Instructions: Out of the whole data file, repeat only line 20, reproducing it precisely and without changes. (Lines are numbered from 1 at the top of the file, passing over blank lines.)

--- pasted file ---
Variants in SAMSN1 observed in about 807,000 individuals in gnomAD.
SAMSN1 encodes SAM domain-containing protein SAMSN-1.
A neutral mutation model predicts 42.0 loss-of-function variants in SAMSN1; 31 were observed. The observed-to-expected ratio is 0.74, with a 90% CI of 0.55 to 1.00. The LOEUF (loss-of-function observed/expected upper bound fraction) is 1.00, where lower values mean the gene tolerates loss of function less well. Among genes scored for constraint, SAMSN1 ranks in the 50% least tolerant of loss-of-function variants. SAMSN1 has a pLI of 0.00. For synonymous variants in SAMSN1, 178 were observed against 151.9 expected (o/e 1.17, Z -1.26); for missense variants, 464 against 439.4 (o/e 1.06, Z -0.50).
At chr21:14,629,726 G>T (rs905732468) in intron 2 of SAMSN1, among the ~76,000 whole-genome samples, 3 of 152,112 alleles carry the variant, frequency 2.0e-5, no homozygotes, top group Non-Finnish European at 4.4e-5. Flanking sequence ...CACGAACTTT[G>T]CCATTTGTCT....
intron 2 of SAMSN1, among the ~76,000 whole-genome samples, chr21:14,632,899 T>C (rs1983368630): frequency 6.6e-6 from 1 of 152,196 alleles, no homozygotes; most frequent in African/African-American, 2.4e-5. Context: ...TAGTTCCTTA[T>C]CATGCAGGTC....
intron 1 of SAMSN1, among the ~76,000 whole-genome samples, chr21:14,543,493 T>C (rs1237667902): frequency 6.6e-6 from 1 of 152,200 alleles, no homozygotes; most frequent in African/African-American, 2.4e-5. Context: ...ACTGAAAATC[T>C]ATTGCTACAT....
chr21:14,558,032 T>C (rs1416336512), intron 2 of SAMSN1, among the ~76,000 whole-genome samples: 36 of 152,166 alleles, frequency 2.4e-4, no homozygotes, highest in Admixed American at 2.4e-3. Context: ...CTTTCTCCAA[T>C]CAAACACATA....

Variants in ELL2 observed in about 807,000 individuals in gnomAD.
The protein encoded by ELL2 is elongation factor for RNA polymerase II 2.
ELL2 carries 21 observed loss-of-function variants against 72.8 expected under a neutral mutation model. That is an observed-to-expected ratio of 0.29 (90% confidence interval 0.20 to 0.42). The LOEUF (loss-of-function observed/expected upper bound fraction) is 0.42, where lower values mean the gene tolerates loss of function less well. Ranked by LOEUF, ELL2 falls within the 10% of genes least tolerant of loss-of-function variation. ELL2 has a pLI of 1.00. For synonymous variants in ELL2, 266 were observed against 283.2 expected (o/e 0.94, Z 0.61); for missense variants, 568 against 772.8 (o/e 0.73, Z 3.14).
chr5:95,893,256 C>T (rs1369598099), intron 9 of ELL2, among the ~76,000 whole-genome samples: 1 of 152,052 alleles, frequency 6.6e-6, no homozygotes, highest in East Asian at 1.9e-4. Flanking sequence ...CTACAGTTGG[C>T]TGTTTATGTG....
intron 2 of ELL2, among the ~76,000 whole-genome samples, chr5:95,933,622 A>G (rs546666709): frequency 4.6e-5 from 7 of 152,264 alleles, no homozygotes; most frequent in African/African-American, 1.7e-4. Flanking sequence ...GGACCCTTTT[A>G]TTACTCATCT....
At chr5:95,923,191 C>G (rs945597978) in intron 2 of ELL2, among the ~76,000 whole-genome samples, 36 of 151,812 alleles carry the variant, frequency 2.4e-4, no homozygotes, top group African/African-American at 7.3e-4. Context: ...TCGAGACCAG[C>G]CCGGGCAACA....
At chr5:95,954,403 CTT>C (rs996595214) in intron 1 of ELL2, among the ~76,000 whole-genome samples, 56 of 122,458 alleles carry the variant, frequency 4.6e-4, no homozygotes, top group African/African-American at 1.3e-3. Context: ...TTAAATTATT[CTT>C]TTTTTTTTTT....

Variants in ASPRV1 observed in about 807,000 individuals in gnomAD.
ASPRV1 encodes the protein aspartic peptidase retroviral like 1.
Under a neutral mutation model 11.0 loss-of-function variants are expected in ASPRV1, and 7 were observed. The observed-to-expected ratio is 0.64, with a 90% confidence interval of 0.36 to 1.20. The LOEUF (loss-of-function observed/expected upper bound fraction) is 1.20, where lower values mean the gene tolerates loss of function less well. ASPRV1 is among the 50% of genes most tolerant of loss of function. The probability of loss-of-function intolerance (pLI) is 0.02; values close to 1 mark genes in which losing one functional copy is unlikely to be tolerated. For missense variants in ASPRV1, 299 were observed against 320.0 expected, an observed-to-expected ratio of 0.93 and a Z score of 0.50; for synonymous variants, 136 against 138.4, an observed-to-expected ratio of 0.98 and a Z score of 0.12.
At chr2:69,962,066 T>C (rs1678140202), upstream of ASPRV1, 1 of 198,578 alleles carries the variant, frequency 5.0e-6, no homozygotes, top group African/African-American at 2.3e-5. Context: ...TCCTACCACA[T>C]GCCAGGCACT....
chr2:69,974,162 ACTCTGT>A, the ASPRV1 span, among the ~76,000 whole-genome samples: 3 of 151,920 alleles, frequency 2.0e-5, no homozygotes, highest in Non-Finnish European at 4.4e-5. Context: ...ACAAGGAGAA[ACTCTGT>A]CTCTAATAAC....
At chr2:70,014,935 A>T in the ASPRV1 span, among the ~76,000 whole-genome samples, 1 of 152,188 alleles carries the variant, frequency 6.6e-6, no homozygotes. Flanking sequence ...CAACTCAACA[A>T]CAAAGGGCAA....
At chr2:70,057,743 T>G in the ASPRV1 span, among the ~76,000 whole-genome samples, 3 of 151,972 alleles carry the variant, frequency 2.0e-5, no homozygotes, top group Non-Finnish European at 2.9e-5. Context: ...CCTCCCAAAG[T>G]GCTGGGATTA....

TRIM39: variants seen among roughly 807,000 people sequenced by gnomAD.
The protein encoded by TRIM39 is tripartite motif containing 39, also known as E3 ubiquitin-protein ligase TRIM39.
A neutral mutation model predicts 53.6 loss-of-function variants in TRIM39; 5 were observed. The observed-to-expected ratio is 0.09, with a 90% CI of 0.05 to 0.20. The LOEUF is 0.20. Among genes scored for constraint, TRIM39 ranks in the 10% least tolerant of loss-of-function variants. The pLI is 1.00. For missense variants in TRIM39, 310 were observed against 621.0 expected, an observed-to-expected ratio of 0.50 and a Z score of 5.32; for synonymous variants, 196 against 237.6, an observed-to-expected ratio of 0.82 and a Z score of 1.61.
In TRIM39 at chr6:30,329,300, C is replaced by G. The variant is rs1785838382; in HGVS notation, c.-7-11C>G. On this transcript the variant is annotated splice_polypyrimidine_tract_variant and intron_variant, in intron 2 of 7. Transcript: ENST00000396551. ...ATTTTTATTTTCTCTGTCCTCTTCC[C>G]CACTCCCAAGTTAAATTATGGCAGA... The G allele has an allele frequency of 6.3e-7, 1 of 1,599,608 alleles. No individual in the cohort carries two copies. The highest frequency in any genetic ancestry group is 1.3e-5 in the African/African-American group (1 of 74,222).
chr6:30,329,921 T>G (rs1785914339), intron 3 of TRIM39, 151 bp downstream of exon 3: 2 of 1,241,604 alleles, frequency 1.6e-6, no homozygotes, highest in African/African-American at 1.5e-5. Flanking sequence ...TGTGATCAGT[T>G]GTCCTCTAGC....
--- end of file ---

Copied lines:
At chr2:70,014,935 A>T in the ASPRV1 span, among the ~76,000 whole-genome samples, 1 of 152,188 alleles carries the variant, frequency 6.6e-6, no homozygotes. Flanking sequence ...CAACTCAACA[A>T]CAAAGGGCAA....